Tuesday, September 23, 2008

Mad Men

I always thought that someone should write a television show that was brutally honest about the world of advertising. I am going into my 7th year in the advertising business and it’s a very interesting genre of work to be in.

Thankfully, someone did have a decent idea and plot about an advertising show. Mad Men debuted last year on AMC and was an instant hit. The show is about to finish up its second season and it just won and Emmy for best Drama.

I have to say I think this is one of the smartest shows on the tube right now. The first season starts off in early 1960s and the second season is going through 1961. The cultural references are great and very interesting to see how advertising was working during the Kennedy/Nixon election, the concept of are condition in homes and the ground braking copy machine in the work place! It’s great to follow cultural events with advertising. They even mention Joan Crawford and how all men love Joan Crawford and how women were finding her unappealing to look at.

Above: The main characters in the drama series "Mad Men."

One of the things I noticed is that even though this drama is set in early 1960s advertising, it really isn’t far off from current day advertising – not in the way of technology – but in the male/female dynamics. For instance – the show is very male dominating with all men as creative leads and copyrights and the women are all secretaries. I work in an agency that has all male copywriters and one female junior creative out of a sea of men. Men excluding a few departments head most of the senior levels in the agency. Advertising is still a very male dominating business.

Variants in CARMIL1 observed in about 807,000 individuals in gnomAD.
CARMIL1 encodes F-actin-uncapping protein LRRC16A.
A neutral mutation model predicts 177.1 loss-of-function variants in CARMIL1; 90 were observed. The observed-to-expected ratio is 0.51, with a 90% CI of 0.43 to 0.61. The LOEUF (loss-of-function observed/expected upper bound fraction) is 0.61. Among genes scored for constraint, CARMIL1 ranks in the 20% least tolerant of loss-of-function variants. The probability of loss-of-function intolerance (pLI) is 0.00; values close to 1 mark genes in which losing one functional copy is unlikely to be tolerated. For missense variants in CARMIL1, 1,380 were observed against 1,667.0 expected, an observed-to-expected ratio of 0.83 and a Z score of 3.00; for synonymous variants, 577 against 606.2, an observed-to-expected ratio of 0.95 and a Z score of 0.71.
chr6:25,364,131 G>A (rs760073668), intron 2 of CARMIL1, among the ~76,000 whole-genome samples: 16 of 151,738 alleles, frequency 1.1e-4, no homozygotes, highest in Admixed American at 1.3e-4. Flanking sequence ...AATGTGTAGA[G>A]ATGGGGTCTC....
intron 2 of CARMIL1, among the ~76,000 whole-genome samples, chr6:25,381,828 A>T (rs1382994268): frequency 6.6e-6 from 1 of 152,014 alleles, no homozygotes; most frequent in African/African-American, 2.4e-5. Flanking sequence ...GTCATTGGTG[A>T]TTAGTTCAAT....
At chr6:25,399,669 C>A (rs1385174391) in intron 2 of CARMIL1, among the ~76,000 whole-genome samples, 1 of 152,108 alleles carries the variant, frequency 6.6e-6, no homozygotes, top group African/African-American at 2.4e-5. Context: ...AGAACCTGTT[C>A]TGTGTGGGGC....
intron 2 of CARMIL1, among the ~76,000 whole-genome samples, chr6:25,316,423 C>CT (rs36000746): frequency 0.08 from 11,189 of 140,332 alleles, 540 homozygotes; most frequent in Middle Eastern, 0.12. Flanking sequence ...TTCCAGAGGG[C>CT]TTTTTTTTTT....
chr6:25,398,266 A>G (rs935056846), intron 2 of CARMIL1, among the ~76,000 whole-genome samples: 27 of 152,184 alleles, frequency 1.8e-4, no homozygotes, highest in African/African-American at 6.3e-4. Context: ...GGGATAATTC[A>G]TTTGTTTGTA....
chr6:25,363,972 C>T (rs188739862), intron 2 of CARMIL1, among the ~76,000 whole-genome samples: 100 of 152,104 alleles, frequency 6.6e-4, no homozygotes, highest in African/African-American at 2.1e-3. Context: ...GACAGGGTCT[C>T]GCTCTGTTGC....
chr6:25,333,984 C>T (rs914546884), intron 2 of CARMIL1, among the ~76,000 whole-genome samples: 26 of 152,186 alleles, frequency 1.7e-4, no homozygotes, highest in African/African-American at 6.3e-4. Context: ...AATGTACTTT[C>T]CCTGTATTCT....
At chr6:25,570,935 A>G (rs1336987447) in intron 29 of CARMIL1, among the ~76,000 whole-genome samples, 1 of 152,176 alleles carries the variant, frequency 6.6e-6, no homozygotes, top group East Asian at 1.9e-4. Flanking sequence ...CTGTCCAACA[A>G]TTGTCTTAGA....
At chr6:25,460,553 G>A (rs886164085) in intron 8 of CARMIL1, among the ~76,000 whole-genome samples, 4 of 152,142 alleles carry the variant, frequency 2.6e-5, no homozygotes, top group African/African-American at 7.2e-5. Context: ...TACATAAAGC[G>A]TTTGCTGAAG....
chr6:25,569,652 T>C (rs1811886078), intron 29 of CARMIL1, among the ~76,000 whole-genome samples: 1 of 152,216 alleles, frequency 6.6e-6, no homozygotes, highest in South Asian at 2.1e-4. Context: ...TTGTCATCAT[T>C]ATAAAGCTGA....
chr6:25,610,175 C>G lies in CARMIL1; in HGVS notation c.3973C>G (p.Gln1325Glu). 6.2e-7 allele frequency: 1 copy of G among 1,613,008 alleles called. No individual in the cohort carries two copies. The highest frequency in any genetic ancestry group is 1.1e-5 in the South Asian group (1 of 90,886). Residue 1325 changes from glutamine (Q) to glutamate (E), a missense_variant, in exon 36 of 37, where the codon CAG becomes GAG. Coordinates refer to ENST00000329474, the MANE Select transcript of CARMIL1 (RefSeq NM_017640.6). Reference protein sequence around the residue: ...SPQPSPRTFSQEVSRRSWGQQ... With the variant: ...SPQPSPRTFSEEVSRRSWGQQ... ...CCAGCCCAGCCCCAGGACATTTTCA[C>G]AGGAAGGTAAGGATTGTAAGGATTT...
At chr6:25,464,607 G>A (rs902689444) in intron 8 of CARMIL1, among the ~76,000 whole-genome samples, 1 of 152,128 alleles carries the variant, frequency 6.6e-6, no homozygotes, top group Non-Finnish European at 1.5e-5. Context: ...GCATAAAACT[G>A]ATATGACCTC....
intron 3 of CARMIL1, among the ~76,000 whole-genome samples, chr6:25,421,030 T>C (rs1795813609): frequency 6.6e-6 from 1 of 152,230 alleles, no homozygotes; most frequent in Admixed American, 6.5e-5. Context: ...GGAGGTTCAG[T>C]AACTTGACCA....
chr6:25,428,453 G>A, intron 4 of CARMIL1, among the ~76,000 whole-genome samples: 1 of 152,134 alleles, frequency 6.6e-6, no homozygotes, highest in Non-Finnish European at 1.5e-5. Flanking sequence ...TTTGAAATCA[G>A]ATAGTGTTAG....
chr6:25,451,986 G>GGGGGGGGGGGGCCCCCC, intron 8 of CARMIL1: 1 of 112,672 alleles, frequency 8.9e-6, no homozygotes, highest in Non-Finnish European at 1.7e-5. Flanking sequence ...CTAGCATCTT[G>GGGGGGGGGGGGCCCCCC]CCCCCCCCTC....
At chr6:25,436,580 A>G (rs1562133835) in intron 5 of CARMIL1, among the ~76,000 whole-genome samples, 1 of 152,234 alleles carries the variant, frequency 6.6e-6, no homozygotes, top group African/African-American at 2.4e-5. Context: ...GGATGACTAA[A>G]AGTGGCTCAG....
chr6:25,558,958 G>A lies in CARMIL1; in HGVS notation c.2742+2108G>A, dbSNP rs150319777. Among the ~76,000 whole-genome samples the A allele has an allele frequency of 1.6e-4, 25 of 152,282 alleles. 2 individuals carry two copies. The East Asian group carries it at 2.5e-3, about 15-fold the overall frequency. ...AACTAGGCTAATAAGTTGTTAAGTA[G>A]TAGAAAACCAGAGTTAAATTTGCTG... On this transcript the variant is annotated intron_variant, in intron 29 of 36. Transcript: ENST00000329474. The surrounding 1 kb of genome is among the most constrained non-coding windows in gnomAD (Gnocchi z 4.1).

Another thing I love about the show, it is showing a female character named Peggy working her way up through the advertising chain. Peggy starts off as a piece of meat on the show – a women in a pool of secretaries that gets an "in" when she by chance happens to speak up, she made an opinion on a creative execution and then she is promoted to a female junior copywriter on the show – unheard of for that time period. I love that part of the show. You can go to school for year sand years and try to get into advertising – you may succeed - you may not. Advertising has noting to do with your educational background. It’s based on talent, forward creative thinking, drive, ambition and communication skills. You cannot teach anyone those things, they are all inherent traits we have – you’re either good at them or your not.

Above: John Hamm plays the secretive and handsome "Don Draper" on Mad Men.

I stumbled into advertising in 2002 working as a caterer for an ad agency in Boston. I didn’t know shit about advertising but I showed some skills – I feel my biggest skills are communication, ambition and drive. I’m pretty creative too, but that’s not where advertising took me. I got my foot in the door as a junior traffic manager and worked my way up to my current position as a project manager. Project management can be applied to more than just an ad agency but a variety of companies and varying project types.

Advertising is really the devil. I kind of like working for the devil.

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